A Shadow Over the Earth:
The Life and Death of the Passenger Pigeon

Sept. 1, 2014 – Feb. 22, 2015 | Free admission

This exhibition tells the story of the Passenger Pigeon, which once numbered in the billions, and the human influence on its extinction. Highlights include personal accounts from famed naturalists who documented its biology and decline. Visitors will have the opportunity to learn about related Florida Museum research and view a well-preserved pair of Passenger Pigeons mounted in the 1890s. The exhibit explores the idea of learning from the past and provides hope for the future as scientists continue to unravel the complexities of extinction and use this knowledge to make a difference in the world today.


Exhibit Highlights

  • Illustrations, Artwork and Poetry
    View historical, full-color illustrations of Passenger Pigeons. Learn about their natural behavior and why they became extinct so quickly through the writings, drawings and poetry of famous artists and naturalists.
  • Real Passenger Pigeon Specimens
    Get a close-up view of these spectacular birds. Although Passenger Pigeons are extinct, the Florida Museum Ornithology Division has specimens preserved for research, two of which are displayed in the exhibit.
  • Species on the Brink
    Learn about today’s conservation success stories!
  • Museum Research
    Florida Museum of Natural History ornithologists have been researching endangered and extinct species of pigeons and doves from around the world for 20 years.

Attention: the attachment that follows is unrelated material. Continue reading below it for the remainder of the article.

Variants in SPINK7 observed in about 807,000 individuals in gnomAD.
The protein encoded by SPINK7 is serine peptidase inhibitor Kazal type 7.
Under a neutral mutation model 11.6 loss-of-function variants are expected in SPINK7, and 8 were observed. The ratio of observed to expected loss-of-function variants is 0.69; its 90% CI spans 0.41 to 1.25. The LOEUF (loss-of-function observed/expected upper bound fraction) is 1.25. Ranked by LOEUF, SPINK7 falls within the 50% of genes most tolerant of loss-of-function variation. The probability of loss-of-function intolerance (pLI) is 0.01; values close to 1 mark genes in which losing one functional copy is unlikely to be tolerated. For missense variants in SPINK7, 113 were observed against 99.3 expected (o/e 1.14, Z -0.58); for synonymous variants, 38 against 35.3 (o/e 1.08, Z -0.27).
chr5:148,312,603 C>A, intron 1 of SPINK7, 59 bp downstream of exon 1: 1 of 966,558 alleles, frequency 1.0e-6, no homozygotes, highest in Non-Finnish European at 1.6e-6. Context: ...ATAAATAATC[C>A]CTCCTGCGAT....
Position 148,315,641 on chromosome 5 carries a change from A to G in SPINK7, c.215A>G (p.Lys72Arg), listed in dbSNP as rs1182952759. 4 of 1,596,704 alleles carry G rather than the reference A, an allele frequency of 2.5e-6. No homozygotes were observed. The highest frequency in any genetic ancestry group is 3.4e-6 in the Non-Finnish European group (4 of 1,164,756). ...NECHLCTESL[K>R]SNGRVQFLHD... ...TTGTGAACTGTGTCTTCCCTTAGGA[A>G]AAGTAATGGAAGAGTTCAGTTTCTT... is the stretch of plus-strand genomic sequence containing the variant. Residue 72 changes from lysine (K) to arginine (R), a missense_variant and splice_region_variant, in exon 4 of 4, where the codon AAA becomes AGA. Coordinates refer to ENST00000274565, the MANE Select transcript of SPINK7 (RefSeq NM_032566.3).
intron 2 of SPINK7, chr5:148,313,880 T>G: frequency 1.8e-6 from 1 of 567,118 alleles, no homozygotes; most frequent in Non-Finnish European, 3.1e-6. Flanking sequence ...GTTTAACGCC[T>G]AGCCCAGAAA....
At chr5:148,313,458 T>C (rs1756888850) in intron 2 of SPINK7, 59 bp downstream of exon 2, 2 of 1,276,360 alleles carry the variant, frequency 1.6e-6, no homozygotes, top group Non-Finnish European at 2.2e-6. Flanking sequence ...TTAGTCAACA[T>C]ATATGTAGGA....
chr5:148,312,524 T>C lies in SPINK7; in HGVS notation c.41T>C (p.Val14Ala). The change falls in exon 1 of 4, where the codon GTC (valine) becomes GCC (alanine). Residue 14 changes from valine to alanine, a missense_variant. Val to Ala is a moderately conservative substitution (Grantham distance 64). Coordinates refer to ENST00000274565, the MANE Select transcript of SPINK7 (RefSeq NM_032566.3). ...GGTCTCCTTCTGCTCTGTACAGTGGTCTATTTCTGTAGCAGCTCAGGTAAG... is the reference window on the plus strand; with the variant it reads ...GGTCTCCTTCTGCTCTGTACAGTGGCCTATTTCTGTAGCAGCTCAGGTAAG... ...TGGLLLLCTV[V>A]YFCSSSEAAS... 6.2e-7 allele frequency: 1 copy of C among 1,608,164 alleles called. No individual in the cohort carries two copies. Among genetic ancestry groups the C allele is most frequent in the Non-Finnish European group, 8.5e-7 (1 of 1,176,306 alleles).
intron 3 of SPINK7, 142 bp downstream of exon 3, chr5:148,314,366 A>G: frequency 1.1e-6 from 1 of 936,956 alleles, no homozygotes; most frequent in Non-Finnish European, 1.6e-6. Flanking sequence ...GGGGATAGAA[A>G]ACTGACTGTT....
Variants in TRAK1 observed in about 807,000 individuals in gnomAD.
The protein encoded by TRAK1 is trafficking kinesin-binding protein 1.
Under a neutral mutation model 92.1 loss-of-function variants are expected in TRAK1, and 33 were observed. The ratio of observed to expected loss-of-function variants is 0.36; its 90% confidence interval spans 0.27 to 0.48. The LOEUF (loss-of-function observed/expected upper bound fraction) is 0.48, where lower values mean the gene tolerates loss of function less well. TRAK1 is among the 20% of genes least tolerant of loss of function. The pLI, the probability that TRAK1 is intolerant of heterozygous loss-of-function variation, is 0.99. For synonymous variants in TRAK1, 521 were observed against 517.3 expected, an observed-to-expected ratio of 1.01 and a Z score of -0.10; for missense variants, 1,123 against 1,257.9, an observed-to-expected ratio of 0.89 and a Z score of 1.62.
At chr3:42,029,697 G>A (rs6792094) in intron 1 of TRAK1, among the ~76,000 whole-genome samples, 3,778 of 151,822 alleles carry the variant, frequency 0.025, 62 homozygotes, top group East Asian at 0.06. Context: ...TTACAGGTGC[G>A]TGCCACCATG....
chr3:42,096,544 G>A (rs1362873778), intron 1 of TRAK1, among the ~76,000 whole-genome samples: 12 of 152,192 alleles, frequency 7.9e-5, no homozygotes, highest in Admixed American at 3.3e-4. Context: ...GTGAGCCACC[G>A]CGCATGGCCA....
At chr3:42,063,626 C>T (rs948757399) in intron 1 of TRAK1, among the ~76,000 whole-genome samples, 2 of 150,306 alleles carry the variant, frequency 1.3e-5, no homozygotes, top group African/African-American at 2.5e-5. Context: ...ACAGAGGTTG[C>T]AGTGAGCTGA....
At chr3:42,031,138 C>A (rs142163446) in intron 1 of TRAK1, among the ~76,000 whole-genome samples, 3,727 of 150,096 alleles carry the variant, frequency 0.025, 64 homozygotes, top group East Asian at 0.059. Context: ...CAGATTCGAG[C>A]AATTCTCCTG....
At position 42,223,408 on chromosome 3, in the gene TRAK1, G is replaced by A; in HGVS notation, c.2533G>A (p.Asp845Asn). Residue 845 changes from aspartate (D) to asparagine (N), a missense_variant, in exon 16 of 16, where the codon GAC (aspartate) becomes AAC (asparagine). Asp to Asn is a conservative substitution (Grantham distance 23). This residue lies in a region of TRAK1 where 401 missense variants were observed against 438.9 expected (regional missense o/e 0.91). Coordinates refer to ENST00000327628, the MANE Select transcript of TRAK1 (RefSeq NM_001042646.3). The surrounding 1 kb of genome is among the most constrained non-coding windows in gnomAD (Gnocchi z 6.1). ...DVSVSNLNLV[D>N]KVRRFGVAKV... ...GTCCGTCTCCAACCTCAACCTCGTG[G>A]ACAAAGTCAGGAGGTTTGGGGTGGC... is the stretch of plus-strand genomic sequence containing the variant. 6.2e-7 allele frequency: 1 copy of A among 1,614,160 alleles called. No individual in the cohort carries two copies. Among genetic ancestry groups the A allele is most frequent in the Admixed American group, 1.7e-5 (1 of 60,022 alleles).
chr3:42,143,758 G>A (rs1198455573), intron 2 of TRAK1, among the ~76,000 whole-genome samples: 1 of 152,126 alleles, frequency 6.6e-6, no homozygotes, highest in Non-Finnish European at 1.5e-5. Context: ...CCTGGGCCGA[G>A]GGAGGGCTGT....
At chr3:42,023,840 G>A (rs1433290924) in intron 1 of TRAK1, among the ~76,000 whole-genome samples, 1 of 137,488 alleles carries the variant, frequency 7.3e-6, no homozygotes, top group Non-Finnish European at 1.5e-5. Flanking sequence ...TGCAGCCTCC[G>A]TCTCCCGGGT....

Passenger Pigeon mounted specimen

These well-preserved Passenger Pigeons mounted in the 1890s are part of a new exhibit marking the 100-year anniversary of the bird’s extinction. Florida Museum photo by Jeff Gage

Did you know?

  • Passenger Pigeons were once North America’s most abundant bird, with an estimated population of 3 billion to 5 billion. They gathered in numbers that could darken the sky for days.
  • The pigeons lived alongside humans for thousands of years, as reflected in everyday language such as “clay pigeon shooting,” police informers being referred to as “stool pigeons” and the city of Pigeon Forge, Tenn.
  • Within decades, human actions reduced this incredible bounty of birds to zero, when on Sept 1, 1914, the last of the species died.
  • Museum Passenger Pigeon specimens are part of the Charles Doe Collection, which formed the early foundation of the Museum’s ornithology collection.



Exhibits - Project Passenger Pigeon logoThis exhibit was developed by the University of Michigan Museum of Natural History and the Florida Museum of Natural History. Find out more at Project Passenger Pigeon, passengerpigeon.org.